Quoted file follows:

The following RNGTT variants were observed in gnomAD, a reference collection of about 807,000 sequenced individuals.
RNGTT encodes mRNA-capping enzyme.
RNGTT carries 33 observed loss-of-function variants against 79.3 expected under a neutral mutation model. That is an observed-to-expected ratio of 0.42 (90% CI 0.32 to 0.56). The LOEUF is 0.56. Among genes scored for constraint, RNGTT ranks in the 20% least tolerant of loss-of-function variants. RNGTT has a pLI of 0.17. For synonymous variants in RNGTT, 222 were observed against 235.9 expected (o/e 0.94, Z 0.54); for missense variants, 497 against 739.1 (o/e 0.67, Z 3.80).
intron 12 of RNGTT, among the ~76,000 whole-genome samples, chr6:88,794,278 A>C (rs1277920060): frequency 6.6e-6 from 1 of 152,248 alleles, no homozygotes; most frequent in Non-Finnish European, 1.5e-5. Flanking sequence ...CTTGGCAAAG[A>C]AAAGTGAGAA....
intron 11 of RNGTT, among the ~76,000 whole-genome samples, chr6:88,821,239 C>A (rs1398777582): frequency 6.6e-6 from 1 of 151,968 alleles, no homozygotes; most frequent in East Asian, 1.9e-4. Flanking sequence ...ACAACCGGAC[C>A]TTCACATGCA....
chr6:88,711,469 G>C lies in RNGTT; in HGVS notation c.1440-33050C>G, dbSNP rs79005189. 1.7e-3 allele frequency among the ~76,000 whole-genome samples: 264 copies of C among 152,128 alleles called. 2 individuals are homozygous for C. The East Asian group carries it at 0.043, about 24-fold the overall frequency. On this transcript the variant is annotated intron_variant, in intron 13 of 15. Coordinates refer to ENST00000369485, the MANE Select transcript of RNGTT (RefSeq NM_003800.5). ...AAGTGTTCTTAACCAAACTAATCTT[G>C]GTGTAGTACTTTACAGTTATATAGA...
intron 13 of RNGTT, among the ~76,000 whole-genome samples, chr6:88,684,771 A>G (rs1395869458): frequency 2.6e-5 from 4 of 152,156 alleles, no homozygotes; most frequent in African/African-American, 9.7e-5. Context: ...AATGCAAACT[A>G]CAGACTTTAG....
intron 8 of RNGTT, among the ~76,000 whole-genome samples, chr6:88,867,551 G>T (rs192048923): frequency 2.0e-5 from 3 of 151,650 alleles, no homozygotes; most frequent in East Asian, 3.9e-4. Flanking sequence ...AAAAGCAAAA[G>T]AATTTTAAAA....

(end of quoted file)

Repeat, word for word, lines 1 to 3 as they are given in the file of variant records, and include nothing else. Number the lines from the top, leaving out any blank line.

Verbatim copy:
The following RNGTT variants were observed in gnomAD, a reference collection of about 807,000 sequenced individuals.
RNGTT encodes mRNA-capping enzyme.
RNGTT carries 33 observed loss-of-function variants against 79.3 expected under a neutral mutation model. That is an observed-to-expected ratio of 0.42 (90% CI 0.32 to 0.56). The LOEUF is 0.56. Among genes scored for constraint, RNGTT ranks in the 20% least tolerant of loss-of-function variants. RNGTT has a pLI of 0.17. For synonymous variants in RNGTT, 222 were observed against 235.9 expected (o/e 0.94, Z 0.54); for missense variants, 497 against 739.1 (o/e 0.67, Z 3.80).